The National D-Day Memorial in Bedford, Virginia is perhaps one of the most moving destinations I’ve visited in a long time. Built to commemorate the invasion of Normandy, France, and what became the beginning of the end of World War II, this significant memorial is a powerful tribute to the courage, fidelity, and sacrifice made on the beaches of France on June 6, 1944. It’s also a well-planned memorial that tells a story of the people, the times, and the events of that momentous day.
Why is the National D-Day Memorial in Bedford, Virginia?
Bedford, Virginia may seem to be an out-of-the-way location for a major national memorial. Nonetheless, Bedford emerges as the most appropriate site for the D-Day Memorial.
The small rural town in the Shenandoah Valley was home to 44 soldiers, sailors, and airmen who landed on the beaches of Normandy on June 6, 1944. Thirty-seven of those men were members of Company A of the 116th Infantry Regiment, 29th Division, and thirty-one of them were among the first to arrive on Omaha Beach.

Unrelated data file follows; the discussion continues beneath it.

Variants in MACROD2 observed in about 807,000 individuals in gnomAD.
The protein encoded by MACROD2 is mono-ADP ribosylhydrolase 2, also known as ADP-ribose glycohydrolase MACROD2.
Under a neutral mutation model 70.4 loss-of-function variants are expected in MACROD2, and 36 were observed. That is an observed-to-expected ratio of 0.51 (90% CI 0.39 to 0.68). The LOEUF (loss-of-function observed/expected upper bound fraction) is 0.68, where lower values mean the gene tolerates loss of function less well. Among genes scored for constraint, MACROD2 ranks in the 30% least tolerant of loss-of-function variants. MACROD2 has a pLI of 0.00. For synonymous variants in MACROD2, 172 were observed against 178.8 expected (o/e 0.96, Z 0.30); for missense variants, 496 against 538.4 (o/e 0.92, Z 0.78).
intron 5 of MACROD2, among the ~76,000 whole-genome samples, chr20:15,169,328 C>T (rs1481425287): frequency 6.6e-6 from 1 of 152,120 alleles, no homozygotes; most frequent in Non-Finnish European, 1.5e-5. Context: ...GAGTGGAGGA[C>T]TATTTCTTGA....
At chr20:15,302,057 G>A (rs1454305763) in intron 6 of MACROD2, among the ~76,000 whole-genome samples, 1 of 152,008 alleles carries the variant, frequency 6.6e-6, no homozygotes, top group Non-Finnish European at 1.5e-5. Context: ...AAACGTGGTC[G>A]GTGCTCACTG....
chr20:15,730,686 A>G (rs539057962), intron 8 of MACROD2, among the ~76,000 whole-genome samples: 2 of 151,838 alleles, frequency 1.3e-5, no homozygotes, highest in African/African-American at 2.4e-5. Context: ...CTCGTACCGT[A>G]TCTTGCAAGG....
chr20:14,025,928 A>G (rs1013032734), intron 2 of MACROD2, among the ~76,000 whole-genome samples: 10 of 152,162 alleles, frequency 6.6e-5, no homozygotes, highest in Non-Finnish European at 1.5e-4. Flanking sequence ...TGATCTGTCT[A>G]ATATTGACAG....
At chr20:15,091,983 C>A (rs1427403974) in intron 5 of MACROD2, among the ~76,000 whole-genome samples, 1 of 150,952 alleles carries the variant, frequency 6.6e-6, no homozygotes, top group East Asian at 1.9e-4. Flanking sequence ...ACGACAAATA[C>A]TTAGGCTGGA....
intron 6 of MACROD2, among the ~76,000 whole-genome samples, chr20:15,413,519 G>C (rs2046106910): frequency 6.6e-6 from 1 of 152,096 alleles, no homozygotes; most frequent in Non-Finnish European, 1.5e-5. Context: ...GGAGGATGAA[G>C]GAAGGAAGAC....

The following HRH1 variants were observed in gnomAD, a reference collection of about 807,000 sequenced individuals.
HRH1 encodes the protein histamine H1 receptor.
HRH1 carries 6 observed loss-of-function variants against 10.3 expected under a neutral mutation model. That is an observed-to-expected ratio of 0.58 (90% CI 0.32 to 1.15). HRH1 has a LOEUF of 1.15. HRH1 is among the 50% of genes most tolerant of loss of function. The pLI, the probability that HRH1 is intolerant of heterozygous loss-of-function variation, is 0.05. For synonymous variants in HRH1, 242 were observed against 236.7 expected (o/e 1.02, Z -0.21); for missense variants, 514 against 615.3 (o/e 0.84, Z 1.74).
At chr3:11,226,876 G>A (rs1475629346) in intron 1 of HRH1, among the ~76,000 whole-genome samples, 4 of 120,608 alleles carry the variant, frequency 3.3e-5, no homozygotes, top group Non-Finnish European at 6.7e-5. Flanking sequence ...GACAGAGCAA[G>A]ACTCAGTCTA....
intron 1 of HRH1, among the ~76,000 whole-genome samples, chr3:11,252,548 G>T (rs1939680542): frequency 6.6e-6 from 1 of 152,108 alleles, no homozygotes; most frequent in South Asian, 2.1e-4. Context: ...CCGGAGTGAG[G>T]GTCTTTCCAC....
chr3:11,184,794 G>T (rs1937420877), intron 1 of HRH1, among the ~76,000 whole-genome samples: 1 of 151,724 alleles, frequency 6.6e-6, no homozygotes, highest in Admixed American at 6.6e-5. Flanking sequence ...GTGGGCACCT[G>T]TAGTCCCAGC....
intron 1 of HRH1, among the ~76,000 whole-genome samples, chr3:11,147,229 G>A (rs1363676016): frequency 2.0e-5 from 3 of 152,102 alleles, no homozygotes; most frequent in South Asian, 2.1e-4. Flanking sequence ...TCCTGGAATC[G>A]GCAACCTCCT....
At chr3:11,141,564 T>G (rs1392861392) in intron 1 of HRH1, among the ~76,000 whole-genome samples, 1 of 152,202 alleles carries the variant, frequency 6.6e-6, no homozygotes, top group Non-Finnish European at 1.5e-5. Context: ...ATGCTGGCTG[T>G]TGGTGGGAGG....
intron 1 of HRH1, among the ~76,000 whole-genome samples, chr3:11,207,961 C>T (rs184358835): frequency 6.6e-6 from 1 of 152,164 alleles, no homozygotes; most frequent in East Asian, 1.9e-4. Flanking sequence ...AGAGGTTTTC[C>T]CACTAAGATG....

That day was historic for Bedford because the total D-Day fatalities reached 20, giving the town and county the highest known per capita D-Day loss in the country.
Bedford’s sons and their stories are intricately woven into the events of that fateful June day, and thus they are forever known as the Bedford Boys. There is no more fitting location for the memorial than here.
Visiting the National D-Day Memorial
Every detail of the National D-Day Memorial has meaning, from the choice and number of trees surrounding it to the color of the cement that represents the sand on Omaha Beach. Because there is so much meaning and a story behind each detail, I strongly advise taking the guided tour. Even if you have to wait a while for one to begin, the information provided by the tour guide is critical to getting the most out of the experience. I’m basically telling you to TAKE THE GUIDED TOUR!
Our guide for the day was Bill. Bill led us through the Memorial as he explained the events that occurred, all while following a timeline of the lead-up to and the events that transpired that day.